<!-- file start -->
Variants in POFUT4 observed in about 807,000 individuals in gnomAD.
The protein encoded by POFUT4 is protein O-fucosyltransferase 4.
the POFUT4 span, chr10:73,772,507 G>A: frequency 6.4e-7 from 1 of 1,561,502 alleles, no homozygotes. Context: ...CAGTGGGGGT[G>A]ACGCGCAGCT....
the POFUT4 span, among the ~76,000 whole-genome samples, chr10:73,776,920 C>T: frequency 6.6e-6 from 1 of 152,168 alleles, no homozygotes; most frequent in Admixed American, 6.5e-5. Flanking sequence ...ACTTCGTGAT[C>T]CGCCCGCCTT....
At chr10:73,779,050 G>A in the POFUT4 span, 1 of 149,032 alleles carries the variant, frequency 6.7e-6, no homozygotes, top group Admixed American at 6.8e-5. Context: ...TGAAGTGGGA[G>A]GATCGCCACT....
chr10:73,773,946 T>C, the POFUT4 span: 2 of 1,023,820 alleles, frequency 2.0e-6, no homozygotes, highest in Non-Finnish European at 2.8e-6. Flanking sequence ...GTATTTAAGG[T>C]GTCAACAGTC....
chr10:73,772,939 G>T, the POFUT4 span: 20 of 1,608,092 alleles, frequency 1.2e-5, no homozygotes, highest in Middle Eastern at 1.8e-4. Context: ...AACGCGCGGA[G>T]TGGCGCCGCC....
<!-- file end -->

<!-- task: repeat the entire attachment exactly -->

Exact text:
Variants in POFUT4 observed in about 807,000 individuals in gnomAD.
The protein encoded by POFUT4 is protein O-fucosyltransferase 4.
the POFUT4 span, chr10:73,772,507 G>A: frequency 6.4e-7 from 1 of 1,561,502 alleles, no homozygotes. Context: ...CAGTGGGGGT[G>A]ACGCGCAGCT....
the POFUT4 span, among the ~76,000 whole-genome samples, chr10:73,776,920 C>T: frequency 6.6e-6 from 1 of 152,168 alleles, no homozygotes; most frequent in Admixed American, 6.5e-5. Flanking sequence ...ACTTCGTGAT[C>T]CGCCCGCCTT....
At chr10:73,779,050 G>A in the POFUT4 span, 1 of 149,032 alleles carries the variant, frequency 6.7e-6, no homozygotes, top group Admixed American at 6.8e-5. Context: ...TGAAGTGGGA[G>A]GATCGCCACT....
chr10:73,773,946 T>C, the POFUT4 span: 2 of 1,023,820 alleles, frequency 2.0e-6, no homozygotes, highest in Non-Finnish European at 2.8e-6. Flanking sequence ...GTATTTAAGG[T>C]GTCAACAGTC....
chr10:73,772,939 G>T, the POFUT4 span: 20 of 1,608,092 alleles, frequency 1.2e-5, no homozygotes, highest in Middle Eastern at 1.8e-4. Context: ...AACGCGCGGA[G>T]TGGCGCCGCC....